26. Bonneaud C, Chastel O, Federici P, Westerdahl H, Sorci G. Complex Mhc-based mate choice in a wild passerine. Proc R Soc B. 2006;273:1111–6.View ArticlePubMedPubMed CentralGoogle Scholar
  27. Baratti M, Dessì-Fulgheri F, Ambrosini R, Bonisoli-Alquati A, Caprioli M, Goti E, Matteo A, Monnanni R, Ragionieri L, Ristori E, Romano M, Rubolini D, Scialpi A, Saino N. MHC genotype predicts mate choice in the ring-necked pheasant Phasianus colchicus. J Evol Biol. 2012;25:1531–42.View ArticlePubMedGoogle Scholar
  28. Griggio M, Biard C, Penn DJ, Hoi H. Female house sparrows “count on” male genes: experimental evidence for MHC-dependent mate preferences in birds. BMC Evol Biol. 2011;11:44.View ArticlePubMedPubMed CentralGoogle Scholar
  29. Strandh M, Westerdahl H, Pontarp M, Canbäck B, Dubois M-P, Miquel C, Taberlet P, Bonadonna F. Major histocompatibility complex class II compatibility, but not class I, predicts mate choice in a bird with highly developed olfaction. Proc R Soc B. 2012;279:4457–63.View ArticlePubMedPubMed CentralGoogle Scholar
  30. Ekblom R, Sæther SA, Grahn M, Fiske P, Kålås JA, Höglund J. Major histocompatibility complex variation and mate choice in a lekking bird, the great snipe (Gallinago media). Mol Ecol. 2004;13:3821–8.View ArticlePubMedGoogle Scholar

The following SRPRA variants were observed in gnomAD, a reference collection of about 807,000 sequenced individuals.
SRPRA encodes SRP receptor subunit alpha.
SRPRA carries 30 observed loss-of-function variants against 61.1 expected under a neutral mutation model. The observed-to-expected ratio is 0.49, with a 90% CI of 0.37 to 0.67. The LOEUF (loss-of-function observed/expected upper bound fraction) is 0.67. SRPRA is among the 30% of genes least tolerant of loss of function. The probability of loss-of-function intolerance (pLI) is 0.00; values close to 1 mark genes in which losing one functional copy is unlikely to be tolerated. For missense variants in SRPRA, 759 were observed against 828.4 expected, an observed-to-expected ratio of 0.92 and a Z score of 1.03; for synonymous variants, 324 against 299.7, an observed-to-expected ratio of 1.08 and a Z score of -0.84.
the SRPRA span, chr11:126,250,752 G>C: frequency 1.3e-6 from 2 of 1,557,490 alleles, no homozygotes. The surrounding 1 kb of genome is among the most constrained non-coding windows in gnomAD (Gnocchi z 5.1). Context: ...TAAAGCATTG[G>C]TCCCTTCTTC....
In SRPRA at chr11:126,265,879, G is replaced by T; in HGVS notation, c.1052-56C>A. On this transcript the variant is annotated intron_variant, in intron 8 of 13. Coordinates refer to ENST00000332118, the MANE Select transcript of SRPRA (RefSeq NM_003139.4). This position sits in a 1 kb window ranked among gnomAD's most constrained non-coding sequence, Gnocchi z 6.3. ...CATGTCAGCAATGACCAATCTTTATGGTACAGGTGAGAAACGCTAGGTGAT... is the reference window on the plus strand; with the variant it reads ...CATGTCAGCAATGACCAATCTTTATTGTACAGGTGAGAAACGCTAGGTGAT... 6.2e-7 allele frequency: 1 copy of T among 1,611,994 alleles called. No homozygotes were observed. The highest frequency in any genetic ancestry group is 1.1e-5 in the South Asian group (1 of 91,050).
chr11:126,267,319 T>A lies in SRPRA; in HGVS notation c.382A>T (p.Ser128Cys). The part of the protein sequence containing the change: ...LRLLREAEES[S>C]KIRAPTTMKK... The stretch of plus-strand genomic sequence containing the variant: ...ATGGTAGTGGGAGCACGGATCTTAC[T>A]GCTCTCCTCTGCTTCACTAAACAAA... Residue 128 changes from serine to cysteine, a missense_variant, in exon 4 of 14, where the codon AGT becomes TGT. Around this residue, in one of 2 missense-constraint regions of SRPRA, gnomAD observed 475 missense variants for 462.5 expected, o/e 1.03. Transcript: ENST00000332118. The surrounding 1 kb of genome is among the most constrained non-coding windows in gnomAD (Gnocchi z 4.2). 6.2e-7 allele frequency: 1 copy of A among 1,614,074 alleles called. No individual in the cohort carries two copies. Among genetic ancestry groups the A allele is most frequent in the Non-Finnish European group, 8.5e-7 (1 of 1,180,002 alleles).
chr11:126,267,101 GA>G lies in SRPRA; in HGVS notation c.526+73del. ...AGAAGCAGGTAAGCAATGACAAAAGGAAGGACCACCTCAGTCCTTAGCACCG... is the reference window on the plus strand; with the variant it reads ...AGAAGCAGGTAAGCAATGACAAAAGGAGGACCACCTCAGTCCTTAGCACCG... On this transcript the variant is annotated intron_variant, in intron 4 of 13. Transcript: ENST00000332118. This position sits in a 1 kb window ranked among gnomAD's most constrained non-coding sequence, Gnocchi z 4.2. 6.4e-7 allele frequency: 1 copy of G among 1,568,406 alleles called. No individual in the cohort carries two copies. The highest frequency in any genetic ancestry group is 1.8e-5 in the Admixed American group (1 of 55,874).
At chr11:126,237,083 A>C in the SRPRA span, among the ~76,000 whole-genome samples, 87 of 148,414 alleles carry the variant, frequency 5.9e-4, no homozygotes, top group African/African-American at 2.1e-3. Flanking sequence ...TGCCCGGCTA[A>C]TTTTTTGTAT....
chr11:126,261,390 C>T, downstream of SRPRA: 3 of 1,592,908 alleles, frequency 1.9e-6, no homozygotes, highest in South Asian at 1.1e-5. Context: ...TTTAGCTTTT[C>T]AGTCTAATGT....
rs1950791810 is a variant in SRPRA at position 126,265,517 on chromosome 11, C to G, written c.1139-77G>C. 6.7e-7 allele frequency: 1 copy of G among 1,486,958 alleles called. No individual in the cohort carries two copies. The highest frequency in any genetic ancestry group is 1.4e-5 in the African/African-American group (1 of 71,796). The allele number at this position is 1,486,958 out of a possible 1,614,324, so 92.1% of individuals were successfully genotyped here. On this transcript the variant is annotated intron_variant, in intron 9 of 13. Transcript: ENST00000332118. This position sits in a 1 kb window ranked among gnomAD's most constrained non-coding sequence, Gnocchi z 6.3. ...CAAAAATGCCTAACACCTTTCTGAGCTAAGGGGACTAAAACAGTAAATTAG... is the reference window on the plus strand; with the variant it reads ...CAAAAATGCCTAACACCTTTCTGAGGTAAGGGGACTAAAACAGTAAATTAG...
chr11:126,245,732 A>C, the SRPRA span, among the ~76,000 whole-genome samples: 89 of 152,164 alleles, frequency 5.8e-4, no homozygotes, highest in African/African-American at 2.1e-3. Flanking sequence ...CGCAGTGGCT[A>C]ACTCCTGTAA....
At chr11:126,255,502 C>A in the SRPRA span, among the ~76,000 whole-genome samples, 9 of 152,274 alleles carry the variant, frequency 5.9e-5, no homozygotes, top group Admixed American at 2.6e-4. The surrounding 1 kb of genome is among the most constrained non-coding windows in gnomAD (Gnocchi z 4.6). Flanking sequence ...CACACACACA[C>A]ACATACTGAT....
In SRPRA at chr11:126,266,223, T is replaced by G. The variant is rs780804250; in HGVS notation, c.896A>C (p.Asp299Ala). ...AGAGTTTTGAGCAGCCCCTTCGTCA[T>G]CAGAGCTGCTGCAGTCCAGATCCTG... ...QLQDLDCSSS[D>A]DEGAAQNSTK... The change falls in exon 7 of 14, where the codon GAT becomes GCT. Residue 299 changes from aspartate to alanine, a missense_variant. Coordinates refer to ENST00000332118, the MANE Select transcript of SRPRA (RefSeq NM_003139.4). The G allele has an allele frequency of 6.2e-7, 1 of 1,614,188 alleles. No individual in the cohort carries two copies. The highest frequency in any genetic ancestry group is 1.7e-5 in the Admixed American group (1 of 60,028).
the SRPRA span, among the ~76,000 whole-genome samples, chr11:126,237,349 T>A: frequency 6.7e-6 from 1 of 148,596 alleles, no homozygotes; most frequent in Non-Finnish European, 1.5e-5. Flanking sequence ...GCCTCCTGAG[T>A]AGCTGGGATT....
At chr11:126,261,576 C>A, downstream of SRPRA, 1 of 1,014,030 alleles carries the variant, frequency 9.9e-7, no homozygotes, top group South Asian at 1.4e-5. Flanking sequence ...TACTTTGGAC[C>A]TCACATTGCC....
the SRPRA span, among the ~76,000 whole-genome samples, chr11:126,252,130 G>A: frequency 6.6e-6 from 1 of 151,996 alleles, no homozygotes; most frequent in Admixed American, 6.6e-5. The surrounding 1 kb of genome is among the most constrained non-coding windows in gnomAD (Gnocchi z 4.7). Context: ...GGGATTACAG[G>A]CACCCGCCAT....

31. Piertney SB, Oliver MK. The evolutionary ecology of the major histocompatibility complex. Heredity. 2006;96:7–21.PubMedGoogle Scholar
  32. Mays Jr HL, Hill GE. Choosing mates: good genes versus genes that are a good fit. Trends Ecol Evol. 2004;19:554–9.View ArticlePubMedGoogle Scholar
  33. Piálek J, Albrecht T. Choosing mates: complementary versus compatible genes. Trends Ecol Evol. 2005;20:63.View ArticlePubMedGoogle Scholar
  34. Woelfing B, Traulsen A, Milinski M, Boehm T. Does intra-individual major histocompatibility complex diversity keep a golden mean? Phil Trans R Soc B. 2009;364:117–28.View ArticlePubMedGoogle Scholar
  35. Colegrave N, Kotiaho JS, Tomkins JL. Mate choice or polyandry: reconciling genetic compatibility and good genes sexual selection. Evol Ecol Res. 2002;4:911–7.Google Scholar
  36. Landry C, Garant D, Duchesne P, Bernatchez L. ʻGood genes as heterozygosityʼ: the major histocompatibility complex and mate choice in Atlantic salmon (Salmo salar). Proc R Soc B. 2001;268:1279–85.View ArticlePubMedPubMed CentralGoogle Scholar
  37. Jennions MD, Petrie M. Variation in mate choice and mating preferences: a review of causes and consequences. Biol Rev. 1997;72:283–327.View ArticlePubMedGoogle Scholar
  38. Griffith SC, Parker TH, Olson VA. Melanin- versus carotenoid-based sexual signals: is the difference really so black and red? Anim Behav. 2006;71:749–63.View ArticleGoogle Scholar
  39. Hill GE, McGraw KJ, editors. Bird coloration,vol. I: mechanisms and measurements. Cambridge: Harvard University Press; 2006.Google Scholar
  40. Badyaev AV, Hill GH. Evolution of sexual dichromatism: contribution of carotenoid- versus melanin-based coloration. Biol J Linn Soc. 2000;69:153–72.View ArticleGoogle Scholar